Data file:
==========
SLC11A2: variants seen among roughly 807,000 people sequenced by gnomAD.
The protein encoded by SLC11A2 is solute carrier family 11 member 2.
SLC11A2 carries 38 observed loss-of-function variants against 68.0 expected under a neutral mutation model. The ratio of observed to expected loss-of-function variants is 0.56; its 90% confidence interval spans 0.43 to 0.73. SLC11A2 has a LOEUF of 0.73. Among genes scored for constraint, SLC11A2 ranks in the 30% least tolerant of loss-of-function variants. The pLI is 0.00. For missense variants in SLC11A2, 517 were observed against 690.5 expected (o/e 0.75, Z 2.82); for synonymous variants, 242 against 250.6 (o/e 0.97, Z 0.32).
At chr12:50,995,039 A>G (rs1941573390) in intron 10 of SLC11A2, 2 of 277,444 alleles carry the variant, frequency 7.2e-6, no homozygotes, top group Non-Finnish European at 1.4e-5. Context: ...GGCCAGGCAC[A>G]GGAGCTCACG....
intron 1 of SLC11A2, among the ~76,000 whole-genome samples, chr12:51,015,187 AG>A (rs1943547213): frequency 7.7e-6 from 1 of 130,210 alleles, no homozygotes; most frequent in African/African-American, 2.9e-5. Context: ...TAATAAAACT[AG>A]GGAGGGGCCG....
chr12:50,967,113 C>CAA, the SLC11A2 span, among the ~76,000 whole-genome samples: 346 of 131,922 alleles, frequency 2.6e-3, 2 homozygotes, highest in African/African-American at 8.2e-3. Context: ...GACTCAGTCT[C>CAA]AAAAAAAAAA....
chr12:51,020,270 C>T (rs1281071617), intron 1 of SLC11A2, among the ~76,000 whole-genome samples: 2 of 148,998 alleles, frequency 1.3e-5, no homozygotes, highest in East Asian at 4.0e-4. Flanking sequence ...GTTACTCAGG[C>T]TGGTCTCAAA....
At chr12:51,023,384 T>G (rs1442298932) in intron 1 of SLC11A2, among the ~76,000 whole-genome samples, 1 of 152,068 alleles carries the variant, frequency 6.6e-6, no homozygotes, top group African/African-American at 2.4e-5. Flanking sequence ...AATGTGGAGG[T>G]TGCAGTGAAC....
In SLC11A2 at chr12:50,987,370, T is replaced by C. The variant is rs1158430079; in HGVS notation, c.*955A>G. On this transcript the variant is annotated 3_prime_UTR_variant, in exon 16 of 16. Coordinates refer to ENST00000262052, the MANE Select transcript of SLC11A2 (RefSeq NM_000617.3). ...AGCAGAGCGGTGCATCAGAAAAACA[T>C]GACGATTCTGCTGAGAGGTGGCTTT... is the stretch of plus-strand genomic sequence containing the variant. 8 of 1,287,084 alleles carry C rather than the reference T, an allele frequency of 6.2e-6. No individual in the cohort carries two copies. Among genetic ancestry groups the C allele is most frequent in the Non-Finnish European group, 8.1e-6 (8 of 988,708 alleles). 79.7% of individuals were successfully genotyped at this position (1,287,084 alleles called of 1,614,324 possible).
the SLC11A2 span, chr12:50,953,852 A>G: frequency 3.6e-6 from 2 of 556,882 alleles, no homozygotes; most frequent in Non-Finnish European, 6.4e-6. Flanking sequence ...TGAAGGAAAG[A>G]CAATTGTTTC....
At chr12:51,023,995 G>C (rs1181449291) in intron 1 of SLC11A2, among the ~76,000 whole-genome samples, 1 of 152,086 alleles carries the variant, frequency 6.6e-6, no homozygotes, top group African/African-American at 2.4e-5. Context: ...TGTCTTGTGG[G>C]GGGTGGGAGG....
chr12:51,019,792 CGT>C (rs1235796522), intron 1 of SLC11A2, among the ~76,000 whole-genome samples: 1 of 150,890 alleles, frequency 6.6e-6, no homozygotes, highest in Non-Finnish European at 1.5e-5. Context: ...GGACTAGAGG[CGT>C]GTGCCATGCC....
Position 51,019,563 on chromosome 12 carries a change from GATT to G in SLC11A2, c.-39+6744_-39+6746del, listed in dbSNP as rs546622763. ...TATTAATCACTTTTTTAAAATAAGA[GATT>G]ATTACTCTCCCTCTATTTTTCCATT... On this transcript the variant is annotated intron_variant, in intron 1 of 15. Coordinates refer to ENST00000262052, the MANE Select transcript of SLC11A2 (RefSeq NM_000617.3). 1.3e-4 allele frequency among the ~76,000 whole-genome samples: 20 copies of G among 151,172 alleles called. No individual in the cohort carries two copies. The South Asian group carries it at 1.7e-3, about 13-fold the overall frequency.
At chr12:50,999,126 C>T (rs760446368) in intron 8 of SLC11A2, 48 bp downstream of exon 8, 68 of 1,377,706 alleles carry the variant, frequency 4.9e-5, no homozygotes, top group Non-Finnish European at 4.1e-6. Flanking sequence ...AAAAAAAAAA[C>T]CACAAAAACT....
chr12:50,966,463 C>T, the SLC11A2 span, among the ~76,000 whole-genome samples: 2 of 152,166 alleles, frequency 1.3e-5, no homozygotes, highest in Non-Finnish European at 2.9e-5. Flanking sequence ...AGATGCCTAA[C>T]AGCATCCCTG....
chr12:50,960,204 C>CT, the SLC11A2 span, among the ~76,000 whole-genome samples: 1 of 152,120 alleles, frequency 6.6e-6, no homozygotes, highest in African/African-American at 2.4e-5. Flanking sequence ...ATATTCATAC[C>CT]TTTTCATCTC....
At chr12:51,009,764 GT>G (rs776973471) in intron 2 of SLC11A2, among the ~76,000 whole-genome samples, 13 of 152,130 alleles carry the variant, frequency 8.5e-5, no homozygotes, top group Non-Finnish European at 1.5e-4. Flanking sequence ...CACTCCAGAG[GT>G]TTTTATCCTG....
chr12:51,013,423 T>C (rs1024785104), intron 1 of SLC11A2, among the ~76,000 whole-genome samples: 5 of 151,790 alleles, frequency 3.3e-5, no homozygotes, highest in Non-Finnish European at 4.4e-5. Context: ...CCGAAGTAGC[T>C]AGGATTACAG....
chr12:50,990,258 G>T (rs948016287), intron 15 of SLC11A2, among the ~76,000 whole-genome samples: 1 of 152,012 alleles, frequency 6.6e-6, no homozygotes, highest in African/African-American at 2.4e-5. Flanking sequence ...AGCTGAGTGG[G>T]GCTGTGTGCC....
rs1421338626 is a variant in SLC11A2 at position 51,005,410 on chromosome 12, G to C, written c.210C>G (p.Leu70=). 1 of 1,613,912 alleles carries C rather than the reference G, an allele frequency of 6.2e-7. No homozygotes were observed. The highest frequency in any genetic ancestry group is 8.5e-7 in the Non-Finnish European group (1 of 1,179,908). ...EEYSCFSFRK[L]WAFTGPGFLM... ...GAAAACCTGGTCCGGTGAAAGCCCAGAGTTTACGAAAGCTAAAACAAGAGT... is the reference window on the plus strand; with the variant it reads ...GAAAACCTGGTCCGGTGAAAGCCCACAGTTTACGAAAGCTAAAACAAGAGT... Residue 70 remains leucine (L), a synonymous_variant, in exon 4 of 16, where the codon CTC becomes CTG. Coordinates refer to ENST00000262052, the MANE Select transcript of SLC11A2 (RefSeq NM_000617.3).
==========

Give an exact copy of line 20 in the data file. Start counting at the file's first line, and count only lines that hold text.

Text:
rs1421338626 is a variant in SLC11A2 at position 51,005,410 on chromosome 12, G to C, written c.210C>G (p.Leu70=). 1 of 1,613,912 alleles carries C rather than the reference G, an allele frequency of 6.2e-7. No homozygotes were observed. The highest frequency in any genetic ancestry group is 8.5e-7 in the Non-Finnish European group (1 of 1,179,908). ...EEYSCFSFRK[L]WAFTGPGFLM... ...GAAAACCTGGTCCGGTGAAAGCCCAGAGTTTACGAAAGCTAAAACAAGAGT... is the reference window on the plus strand; with the variant it reads ...GAAAACCTGGTCCGGTGAAAGCCCACAGTTTACGAAAGCTAAAACAAGAGT... Residue 70 remains leucine (L), a synonymous_variant, in exon 4 of 16, where the codon CTC becomes CTG. Coordinates refer to ENST00000262052, the MANE Select transcript of SLC11A2 (RefSeq NM_000617.3).